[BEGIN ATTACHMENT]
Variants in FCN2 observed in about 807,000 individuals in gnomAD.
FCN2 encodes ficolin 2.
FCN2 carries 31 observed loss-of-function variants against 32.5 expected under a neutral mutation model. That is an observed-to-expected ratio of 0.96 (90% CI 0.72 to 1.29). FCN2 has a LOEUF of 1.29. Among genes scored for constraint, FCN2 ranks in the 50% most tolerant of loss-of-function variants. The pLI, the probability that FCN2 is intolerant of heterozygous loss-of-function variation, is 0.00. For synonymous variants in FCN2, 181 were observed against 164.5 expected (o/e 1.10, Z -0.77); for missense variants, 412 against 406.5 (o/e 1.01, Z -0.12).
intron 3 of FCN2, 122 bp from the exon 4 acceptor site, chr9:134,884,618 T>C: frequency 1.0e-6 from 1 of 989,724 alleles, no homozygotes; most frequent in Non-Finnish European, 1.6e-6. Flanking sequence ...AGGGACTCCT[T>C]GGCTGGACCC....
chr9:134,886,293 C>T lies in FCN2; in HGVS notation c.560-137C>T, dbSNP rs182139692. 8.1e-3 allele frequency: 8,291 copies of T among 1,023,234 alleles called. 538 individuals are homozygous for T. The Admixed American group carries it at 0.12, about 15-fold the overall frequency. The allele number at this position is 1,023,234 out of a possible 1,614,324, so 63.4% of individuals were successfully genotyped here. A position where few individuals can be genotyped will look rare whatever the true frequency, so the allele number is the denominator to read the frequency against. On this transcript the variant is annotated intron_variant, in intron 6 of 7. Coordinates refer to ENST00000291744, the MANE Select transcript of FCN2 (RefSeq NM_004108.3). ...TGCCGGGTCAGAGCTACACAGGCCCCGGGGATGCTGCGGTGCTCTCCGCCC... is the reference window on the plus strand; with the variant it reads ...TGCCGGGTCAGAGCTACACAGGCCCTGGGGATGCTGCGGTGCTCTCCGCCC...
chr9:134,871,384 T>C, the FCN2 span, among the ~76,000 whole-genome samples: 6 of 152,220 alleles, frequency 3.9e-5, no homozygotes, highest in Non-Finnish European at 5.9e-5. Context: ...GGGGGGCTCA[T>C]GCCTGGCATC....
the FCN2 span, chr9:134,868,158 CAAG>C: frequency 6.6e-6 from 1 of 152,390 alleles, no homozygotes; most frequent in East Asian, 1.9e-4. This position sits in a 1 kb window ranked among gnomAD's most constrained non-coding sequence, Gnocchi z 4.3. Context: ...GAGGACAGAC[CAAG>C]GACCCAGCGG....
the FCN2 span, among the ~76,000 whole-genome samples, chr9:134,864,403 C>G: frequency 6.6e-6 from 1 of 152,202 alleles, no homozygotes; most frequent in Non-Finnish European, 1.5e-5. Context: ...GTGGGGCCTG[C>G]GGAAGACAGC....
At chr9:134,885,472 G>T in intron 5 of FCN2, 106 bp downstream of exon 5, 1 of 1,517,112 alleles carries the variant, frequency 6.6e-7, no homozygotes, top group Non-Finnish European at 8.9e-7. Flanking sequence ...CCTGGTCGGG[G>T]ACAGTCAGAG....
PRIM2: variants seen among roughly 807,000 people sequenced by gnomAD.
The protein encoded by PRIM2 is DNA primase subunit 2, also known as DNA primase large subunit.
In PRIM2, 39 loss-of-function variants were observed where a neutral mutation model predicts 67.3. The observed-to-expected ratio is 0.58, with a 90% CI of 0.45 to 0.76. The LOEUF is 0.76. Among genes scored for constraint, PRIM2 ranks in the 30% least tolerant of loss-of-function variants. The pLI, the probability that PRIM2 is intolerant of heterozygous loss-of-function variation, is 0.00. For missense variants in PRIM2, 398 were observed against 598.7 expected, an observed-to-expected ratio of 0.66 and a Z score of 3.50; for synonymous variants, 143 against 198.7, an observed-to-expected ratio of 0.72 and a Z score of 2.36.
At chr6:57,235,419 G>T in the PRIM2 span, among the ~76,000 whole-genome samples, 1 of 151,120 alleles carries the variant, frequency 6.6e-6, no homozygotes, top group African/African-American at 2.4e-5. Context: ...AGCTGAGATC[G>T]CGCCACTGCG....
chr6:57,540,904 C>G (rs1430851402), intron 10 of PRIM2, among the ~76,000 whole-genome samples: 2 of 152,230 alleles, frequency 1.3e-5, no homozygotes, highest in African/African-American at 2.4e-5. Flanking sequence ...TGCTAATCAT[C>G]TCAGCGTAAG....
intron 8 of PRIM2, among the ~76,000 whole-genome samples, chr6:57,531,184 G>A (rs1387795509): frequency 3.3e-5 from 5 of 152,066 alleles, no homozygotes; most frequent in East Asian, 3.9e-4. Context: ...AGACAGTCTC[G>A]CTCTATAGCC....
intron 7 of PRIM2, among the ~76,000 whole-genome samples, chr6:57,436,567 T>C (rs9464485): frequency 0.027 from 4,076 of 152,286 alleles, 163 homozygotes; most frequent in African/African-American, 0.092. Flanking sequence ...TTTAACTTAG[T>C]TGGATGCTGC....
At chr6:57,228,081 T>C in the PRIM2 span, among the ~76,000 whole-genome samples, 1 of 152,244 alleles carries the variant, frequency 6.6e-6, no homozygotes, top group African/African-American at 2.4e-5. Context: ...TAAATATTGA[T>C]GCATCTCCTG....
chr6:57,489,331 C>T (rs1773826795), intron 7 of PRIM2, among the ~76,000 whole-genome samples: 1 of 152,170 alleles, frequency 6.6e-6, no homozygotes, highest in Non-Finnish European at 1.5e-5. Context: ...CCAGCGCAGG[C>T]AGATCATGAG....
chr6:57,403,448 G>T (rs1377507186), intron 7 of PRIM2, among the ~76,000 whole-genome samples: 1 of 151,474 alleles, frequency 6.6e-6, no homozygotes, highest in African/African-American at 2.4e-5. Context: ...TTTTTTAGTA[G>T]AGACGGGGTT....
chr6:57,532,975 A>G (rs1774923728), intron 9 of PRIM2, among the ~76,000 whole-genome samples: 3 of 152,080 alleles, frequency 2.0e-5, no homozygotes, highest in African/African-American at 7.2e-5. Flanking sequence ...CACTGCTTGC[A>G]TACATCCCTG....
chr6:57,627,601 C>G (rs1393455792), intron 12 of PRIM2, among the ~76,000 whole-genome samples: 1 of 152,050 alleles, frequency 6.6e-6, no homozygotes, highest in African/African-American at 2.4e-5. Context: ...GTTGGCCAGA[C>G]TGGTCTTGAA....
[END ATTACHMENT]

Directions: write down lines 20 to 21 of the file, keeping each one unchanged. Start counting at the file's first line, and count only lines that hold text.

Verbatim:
chr6:57,532,975 A>G (rs1774923728), intron 9 of PRIM2, among the ~76,000 whole-genome samples: 3 of 152,080 alleles, frequency 2.0e-5, no homozygotes, highest in African/African-American at 7.2e-5. Flanking sequence ...CACTGCTTGC[A>G]TACATCCCTG....
chr6:57,627,601 C>G (rs1393455792), intron 12 of PRIM2, among the ~76,000 whole-genome samples: 1 of 152,050 alleles, frequency 6.6e-6, no homozygotes, highest in African/African-American at 2.4e-5. Context: ...GTTGGCCAGA[C>G]TGGTCTTGAA....